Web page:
Finance 2012 Retail Huddle
By Andrew Wren, firstname.lastname@example.org
The year is quickly drawing to a close. With the final quarter upon us, retailers are tabulating the score for 2011 and building their game plan for 2012. Unfortunately for the retail industry, there was no economic rebound in 2011 and the economic malaise will likely continue. Surviving – and certainly winning – in this challenging economic environment will depend on retailers’ ability to maintain complete control and awareness over their business, and streamlining operations to achieve greater profitability and complete customer satisfaction.
Procedural review audits (PRAs) are an excellent way for retailers to do this. PRAs are designed to audit critical areas of retail operations in order to identify failures and enable managers to address them before they begin to cause significant losses. These audits help retailers move toward their goal, scoring better profits and customer satisfaction critical to their survival. Here are some things to keep in mind when reviewing your plays for 2012.
Start the 2012 Line-up Now
Economists are sending clear signals that an economic recovery will take longer than anticipated, painting a gray outlook for retailers in 2012. Higher gas prices continue to eat into discretionary income and also trigger increases in online sales, causing many brick and mortar stores to lose footing.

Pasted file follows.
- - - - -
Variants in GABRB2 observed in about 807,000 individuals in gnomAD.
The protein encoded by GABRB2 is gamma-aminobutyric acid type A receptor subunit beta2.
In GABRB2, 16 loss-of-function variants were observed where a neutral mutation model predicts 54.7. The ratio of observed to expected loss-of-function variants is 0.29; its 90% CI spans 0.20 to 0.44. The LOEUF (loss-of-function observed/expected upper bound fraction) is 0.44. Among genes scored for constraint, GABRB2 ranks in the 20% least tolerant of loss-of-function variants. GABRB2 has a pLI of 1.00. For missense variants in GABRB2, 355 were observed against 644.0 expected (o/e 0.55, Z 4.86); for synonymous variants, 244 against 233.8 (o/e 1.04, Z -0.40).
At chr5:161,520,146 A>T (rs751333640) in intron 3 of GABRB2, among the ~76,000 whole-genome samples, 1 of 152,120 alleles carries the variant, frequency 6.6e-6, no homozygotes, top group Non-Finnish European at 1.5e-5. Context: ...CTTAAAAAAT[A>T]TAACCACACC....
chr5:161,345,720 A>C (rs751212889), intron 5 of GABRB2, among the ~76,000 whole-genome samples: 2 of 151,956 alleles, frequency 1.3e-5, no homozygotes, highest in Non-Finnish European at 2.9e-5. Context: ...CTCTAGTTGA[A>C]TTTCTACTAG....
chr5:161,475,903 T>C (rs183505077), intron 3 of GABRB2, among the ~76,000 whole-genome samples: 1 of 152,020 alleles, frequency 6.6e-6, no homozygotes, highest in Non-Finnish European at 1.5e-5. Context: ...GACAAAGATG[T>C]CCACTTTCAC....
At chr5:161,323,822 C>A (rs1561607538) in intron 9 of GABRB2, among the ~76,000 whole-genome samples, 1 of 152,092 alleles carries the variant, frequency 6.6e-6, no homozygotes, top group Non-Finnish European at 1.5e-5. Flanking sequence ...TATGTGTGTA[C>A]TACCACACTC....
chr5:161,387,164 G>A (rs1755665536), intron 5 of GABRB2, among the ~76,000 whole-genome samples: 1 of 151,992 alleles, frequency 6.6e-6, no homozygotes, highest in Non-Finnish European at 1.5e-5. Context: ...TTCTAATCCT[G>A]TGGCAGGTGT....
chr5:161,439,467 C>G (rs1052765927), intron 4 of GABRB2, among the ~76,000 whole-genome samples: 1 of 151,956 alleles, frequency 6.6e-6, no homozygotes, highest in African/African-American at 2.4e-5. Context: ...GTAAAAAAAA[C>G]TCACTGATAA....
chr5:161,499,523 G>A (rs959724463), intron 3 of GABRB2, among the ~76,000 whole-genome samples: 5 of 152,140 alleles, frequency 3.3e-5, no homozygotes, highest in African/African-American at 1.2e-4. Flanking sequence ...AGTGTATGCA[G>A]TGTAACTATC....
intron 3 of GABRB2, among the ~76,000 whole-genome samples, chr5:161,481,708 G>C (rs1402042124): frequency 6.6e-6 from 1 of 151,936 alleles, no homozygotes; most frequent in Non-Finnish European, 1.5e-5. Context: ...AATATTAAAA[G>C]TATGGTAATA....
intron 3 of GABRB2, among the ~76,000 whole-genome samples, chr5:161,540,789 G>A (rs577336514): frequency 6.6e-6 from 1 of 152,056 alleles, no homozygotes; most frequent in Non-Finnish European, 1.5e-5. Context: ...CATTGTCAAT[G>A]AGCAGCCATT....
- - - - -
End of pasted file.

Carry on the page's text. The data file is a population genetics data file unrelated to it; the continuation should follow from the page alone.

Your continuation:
Savvy retailers will use the remainder of this year to begin mapping out their game plan for 2012: making the most of limited resources, focusing on known areas of loss, and putting measures in place to keep a close eye on what is going on in the field. PRAs are a critical part of this process. Retailers can begin identifying areas that require monitoring and create and issue audits in those areas so they can start off the new year with full awareness. Retailers can use this final quarter of the year to test audits in local stores to see what works and what doesn’t work, train employees on the audit process and to learn from the greatest loss-causing problems in 2011.
Strengthen Offense and Defense
Retailers’ efforts should be focused on two strategic areas in 2012:
1) Defending every penny of profitability by preventing losses and streamlining operations; and
2) Proactively achieving the best possible customer satisfaction.
Customers have a wealth of choices when it comes to where they shop. They expect and prefer clean, safe shopping environments where items are available, easy to find, and competitively priced. They want their experience to be pleasant. They want good service and short lines. A bad experience could lead the customer to go elsewhere, never to return, and walking away with the retailer’s current and future revenue stream. PRAs should evaluate customer service to ensure that the experience is optimal for every customer, every time.